In order to approve the settlement, the Court must first determine that it has jurisdiction over the dispute. A federal court has subject matter jurisdiction under 28 U.S.C. § 1331 so long as “the plaintiff's well-pleaded complaint. . . exhibit[s], within its four corners, either an explicit federal cause of action or a state-law cause of action that contains an embedded question of federal law that is both substantial and disputed.” R.I. Fishermen's All. v. R.I. Dept. of Envtl. Mgmt., 585 F.3d 42, 48 (1st Cir. 2009); see 28 U.S.C. § 1331. Plaintiffs' complaint alleges four claims which arise under ERISA -- a federal statute.

         Moreover, Plaintiffs must meet statutory and constitutional requirements for standing as part of the threshold jurisdictional analysis. See In re Deepwater Horizon, 739 F.3d 790, 798 (5th Cir. 2014). As to statutory standing, the civil enforcement provision under ERISA, 29 U.S.C. § 1132, allows claims by plan participants, beneficiaries, and fiduciaries for breach of fiduciary duty and equitable relief. See 29 U.S.C. § 1132(a)(2) & (3). The named plaintiffs are all current participants of the Plan, and the purported class includes participants and beneficiaries of the Plan. Am. Compl. ¶¶ 3-9, 35. Furthermore, the Receiver is an ERISA fiduciary because he, as Plan administrator, “exercises discretionary control or authority over the plan's management, administration, or assets[.]” Mertens v. Hewitt Assoc., 508 U.S. 248, 251 (1993); 29 U.S.C. § 1102(a).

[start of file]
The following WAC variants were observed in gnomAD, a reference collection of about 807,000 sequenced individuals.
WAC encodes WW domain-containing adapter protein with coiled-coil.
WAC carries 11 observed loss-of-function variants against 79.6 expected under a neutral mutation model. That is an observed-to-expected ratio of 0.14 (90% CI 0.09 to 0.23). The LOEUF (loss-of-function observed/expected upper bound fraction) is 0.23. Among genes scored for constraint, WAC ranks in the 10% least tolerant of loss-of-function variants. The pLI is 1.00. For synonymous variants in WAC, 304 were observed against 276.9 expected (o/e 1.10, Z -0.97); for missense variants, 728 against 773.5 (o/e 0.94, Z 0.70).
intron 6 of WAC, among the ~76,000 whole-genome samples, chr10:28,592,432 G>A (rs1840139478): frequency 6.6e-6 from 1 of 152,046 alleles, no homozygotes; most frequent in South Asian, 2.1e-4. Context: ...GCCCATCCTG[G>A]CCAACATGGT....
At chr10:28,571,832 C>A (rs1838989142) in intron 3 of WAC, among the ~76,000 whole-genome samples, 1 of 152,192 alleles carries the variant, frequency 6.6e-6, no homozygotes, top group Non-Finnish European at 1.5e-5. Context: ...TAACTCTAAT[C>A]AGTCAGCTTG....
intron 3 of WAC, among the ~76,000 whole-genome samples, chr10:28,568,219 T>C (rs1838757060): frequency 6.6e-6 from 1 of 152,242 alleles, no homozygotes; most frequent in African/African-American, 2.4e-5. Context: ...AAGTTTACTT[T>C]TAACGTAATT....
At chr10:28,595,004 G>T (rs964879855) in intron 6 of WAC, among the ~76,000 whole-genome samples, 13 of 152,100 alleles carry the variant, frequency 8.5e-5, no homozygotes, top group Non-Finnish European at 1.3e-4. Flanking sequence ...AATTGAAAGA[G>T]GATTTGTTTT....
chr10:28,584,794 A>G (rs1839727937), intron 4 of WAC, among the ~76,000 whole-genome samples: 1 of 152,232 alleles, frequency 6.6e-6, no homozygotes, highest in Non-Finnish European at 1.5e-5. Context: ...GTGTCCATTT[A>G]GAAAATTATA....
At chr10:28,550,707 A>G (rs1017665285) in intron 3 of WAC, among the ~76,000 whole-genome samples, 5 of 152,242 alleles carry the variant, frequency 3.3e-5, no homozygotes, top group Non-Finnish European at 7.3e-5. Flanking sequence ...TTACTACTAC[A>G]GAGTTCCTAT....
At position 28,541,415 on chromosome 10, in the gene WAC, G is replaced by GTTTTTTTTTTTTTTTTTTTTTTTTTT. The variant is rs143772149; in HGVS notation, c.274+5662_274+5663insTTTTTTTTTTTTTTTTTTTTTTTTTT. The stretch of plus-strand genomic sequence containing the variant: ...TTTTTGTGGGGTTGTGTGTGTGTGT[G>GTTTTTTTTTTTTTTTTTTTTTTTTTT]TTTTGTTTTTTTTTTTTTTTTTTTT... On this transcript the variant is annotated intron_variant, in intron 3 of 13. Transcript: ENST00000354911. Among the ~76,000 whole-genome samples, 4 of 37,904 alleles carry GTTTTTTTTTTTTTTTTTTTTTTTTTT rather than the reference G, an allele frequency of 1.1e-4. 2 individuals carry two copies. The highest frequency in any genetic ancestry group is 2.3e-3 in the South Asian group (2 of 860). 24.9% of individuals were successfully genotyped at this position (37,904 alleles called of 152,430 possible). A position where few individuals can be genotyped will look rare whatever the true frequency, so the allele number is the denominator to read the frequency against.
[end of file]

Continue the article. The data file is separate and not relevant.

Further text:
Constitutional standing under Article III requires an injury in fact, a causal connection between the injury and the defendant's conduct, and the likelihood that a favorable outcome will redress the injury. Lujan v. Defenders of Wildlife, 504 U.S. 555, 560-61 (1992). While an injury must be particularized and concrete, “[t]his does not mean, however, that the risk of real harm cannot satisfy the requirement of concreteness.” Spokeo, Inc. v. Robins, 136 S.Ct. 1540, 1549 (2016). “At the pleading stage, general factual allegations of injury resulting from the defendant's conduct may suffice[.]” Lujan, 504 U.S. at 561; see In re Deepwater Horizon, 739 F.3d at 804 (“[I]t is sufficient for standing purposes that the plaintiffs seek recovery for an economic harm that they allege they have suffered because for each class member we must assume arguendo the merits of his or her legal claim at the Rule 23 stage.”) (internal citation omitted).

         In the amended complaint, Plaintiffs allege that the Plan is “grossly underfunded” because the Plan's sponsor did not make required contributions for many years, particularly from 2010 to 2016, and that Defendants knew that the sponsor of the Plan faced liabilities well exceeding its assets as of 2014. Am. Compl. ¶ 63, 448. Plaintiffs also allege that, “[a]s a result of SJHSRI's failure to fund the Plan in accordance with ERISA's minimum funding standards, Plaintiffs pensions will be lost or at least severely reduced.”[6] Id. ¶ 458. Given that the Court must accept these allegations as true at this stage of the proceedings, the Court is satisfied that Plaintiffs have alleged an injury sufficient for standing. See Dezelan v. Voya Ret. Ins. Annuity Co., No. 3:16-cv-1251, 2017 WL 2909714, at *5 (D. Conn. July 6, 2017)(“Generally, a plaintiff has standing to bring an ERISA claim where the plaintiff alleges a causal connection between defendants' actions and actual harm to an ERISA plan in which the plaintiff participates.”)(citing LaRue v. DeWolff, Boberg & Assoc., Inc., 552 U.S. 248, 255-56 (2008)(recognizing that an ERISA claim for breach of fiduciary duty “does not provide a remedy for individual injuries distinct from plan injuries” and stating that “[m]isconduct by the administrators of a defined benefit plan will not affect an individual's entitlement to a defined benefit unless it creates or enhances the risk of default by the entire plan.”)).

         Therefore, the Court finds that it has jurisdiction over the subject ...